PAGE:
Problem Statement

You are the technical director of WSPT radio, serving listeners nationwide. For simplicity’s sake we can consider each listener to live along a horizontal line stretching from 0 (west) to 1000 (east).

Given a list of N listeners, and a list of M radio towers, each placed at various locations along this line, determine what the minimum broadcast range would have to be in order for each listener’s home to be covered.

For example, suppose listeners = [1, 5, 11, 20], and towers = [4, 8, 15]. In this case the minimum range would be 5, since that…


This is part 4of the series — working with Binary Trees in Go. In this article, I will show how to perform zigzag level order traversal of a binary tree in Go.

  • Part 2 Binary Tree Traversals in Go — using iteration (access it here)
  • Part 3 Level order Traversal of Binary Trees in Go (access it here)
  • Part4 Zigzag Level Order Traversal of a Binary Tree in Go (this article)
  • Part 5 Right side View of a Binary Tree in Go
  • Part 6 Binary Tree Serialization in Go

This is part 3 of the series — working with Binary Trees in Go. In this article, I will show how to perform level order traversal of a binary tree in Go.

  • Part 2 Binary Tree Traversals in Go — using iteration (access it here)
  • Part 3 Level order Traversal of Binary Trees in Go (this article)
  • Part4 Zigzag Level Order Traversal of Binary Trees in Go (access it here)
  • Part 5 Right side View of a Binary Tree in Go
  • Part 6 Binary Tree Serialization in Go

This is part 2 of the series — working with Binary Trees in Go. I would like to show iterative implementation of the three traversal algorithms discussed in part 1 of the series.

  • Part 2 Binary Tree Traversals in Go — using iteration (this article)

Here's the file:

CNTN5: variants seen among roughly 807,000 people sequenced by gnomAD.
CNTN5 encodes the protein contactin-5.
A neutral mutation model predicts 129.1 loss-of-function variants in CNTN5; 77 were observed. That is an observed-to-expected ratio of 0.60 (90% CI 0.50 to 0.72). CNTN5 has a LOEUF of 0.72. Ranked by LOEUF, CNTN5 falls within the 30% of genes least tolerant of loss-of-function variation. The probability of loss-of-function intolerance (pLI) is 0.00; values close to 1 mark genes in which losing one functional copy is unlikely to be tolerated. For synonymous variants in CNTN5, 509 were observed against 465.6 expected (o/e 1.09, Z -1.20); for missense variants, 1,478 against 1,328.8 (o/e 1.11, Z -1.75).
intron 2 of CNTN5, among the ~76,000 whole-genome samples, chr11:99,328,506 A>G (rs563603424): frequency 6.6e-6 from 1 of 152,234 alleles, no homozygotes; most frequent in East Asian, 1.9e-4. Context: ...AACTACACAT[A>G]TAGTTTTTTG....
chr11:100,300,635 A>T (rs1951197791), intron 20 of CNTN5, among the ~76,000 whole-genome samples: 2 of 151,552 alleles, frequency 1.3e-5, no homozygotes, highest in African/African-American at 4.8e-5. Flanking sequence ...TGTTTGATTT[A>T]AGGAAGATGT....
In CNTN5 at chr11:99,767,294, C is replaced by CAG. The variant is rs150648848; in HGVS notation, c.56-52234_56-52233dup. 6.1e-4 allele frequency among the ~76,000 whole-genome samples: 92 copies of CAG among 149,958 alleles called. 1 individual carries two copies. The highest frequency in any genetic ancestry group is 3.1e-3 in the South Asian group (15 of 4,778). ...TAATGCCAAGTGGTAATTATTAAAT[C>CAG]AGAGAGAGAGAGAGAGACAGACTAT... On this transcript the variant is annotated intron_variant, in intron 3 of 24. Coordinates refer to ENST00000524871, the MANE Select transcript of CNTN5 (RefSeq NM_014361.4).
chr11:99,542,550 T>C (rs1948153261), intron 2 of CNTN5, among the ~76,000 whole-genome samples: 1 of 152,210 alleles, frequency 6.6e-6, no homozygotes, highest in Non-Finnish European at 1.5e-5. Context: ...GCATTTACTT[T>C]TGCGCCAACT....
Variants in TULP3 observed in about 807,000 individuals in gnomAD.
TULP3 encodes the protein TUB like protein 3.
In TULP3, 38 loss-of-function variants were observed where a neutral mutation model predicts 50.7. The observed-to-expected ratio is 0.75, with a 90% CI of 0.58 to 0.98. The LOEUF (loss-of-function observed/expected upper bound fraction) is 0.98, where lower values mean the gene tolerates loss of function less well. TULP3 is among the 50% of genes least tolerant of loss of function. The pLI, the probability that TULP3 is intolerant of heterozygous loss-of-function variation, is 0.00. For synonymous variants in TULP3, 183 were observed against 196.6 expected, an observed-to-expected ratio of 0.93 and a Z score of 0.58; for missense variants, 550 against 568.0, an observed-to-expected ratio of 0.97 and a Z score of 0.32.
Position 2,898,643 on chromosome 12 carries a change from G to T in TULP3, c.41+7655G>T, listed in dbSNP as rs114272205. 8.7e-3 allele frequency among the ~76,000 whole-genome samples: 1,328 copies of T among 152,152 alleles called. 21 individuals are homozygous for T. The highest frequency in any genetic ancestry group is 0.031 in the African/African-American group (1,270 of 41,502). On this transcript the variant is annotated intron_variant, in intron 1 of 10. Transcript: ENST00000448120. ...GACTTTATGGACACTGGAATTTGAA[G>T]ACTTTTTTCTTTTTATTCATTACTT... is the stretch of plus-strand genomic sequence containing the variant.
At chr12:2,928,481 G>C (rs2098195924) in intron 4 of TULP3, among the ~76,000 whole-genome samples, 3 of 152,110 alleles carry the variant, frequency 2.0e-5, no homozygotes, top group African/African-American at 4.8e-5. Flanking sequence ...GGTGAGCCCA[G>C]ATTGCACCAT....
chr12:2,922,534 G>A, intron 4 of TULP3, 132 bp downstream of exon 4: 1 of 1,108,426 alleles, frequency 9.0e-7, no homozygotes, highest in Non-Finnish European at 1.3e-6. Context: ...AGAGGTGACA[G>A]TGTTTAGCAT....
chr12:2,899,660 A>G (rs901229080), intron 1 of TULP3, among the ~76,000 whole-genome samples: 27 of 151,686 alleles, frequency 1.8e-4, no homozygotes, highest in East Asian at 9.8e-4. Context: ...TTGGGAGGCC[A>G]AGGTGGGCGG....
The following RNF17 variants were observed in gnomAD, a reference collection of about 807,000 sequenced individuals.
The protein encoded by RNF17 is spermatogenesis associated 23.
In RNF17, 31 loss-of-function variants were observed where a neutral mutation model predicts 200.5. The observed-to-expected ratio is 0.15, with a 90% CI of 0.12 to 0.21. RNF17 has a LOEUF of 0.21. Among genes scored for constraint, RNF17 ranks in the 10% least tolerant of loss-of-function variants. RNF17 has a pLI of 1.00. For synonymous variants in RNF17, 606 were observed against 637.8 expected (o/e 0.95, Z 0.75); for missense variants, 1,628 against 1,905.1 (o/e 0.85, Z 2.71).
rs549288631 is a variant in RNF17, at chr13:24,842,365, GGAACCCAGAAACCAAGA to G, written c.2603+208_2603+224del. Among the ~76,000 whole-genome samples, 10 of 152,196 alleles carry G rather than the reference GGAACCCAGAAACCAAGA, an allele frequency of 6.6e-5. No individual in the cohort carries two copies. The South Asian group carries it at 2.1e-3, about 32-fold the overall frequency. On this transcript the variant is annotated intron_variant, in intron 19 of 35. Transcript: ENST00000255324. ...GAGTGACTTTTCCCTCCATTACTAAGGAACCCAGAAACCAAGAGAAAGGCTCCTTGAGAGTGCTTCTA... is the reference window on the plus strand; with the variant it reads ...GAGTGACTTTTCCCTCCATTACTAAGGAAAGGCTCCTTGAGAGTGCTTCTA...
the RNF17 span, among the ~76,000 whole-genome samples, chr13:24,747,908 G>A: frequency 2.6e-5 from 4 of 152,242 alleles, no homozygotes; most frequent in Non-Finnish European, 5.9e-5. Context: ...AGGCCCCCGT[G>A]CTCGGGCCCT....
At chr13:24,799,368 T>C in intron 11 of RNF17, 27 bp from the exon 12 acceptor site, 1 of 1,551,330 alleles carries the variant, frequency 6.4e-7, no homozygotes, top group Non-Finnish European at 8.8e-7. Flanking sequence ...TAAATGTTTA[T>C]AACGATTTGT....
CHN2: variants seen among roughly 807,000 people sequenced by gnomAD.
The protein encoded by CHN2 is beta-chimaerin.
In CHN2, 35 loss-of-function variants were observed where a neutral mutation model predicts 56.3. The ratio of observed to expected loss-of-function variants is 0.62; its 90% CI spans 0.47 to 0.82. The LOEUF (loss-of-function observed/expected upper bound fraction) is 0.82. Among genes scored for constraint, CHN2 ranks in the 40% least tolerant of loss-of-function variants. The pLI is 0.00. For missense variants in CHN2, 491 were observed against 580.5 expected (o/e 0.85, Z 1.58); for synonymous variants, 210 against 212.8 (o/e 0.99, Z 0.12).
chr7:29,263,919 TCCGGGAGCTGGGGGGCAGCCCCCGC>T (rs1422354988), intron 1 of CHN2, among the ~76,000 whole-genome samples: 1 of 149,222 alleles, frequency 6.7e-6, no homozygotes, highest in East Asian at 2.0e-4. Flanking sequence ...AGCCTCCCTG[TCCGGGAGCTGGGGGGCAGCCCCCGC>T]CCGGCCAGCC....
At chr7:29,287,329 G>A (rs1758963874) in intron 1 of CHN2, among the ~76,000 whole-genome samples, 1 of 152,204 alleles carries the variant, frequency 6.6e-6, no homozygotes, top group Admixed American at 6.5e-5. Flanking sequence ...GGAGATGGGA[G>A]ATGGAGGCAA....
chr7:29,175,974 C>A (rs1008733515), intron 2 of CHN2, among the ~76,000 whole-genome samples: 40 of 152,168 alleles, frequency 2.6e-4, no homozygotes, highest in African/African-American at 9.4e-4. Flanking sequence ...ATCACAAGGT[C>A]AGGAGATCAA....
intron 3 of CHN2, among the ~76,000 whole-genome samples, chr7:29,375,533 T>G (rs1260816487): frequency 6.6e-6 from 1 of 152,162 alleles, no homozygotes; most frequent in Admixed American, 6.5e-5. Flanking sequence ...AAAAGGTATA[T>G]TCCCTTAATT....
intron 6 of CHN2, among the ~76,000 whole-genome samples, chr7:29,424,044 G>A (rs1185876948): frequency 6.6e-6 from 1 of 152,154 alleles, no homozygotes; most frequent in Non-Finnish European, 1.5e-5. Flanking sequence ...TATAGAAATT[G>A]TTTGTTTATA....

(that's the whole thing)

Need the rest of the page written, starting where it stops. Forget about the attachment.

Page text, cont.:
• Part 3 Level order Traversal of Binary Trees in Go (access it here)
  • Part4 Zigzag Level Order Traversal of Binary Trees in Go (access it here)
  • Part 5 Right side View of a Binary Tree in Go
  • Part 6 Binary Tree Serialization in Go

When I first began my journey with Go I wanted to pick several simple and intuitive problems and code their solutions in Go. This not only helped me in mastering the language syntax and understanding the coding concepts specific to Go, but also was critical in developing the skills required to take the algorithms from their descriptive form to working solutions in Go.

One can find many such problems in Data Structures and Algorithms course. Websites such as Leetcode have hundreds of problems to test not only your algorithmic skills but coding skills. Here in this article, I will show…


Given an integer array nums, return the length of the longest strictly increasing subsequence.

A subsequence is a sequence that can be derived from an array by deleting some or no elements without changing the order of the remaining elements. For example, [3,6,2,7] is a subsequence of the array [0,3,1,6,2,2,7]

Example:

Input: nums = [2, 1, 0, 3, 2, 3]
Output: 3
Explanation: The longest increasing subsequence is [1, 2, 3], therefore the length is 3
Note that there can be multiple longest increasing subsequences of same length


Given an integer array nums and an integer k, return the k most frequent elements. You may return the answer in any order. (This is Leetcode problem # 347)

Example:

Input: nums = [1,1,1,2,2,3], k = 2

Output: [1,2]

Explanation:

1 occurs three times and 2 occurs two times in the input. Those two elements are the top-2 frequent elements and hence the output is [1, 2].

Initial Thoughts

This is a good algorithmic problem. It not only helps in practicing my algorithm skills but also helps in mastering Go skills. In particular, I would like to solve it using…

Naveen Vandanapu

Golang, PyTorch and Deep Learning Enthusiast

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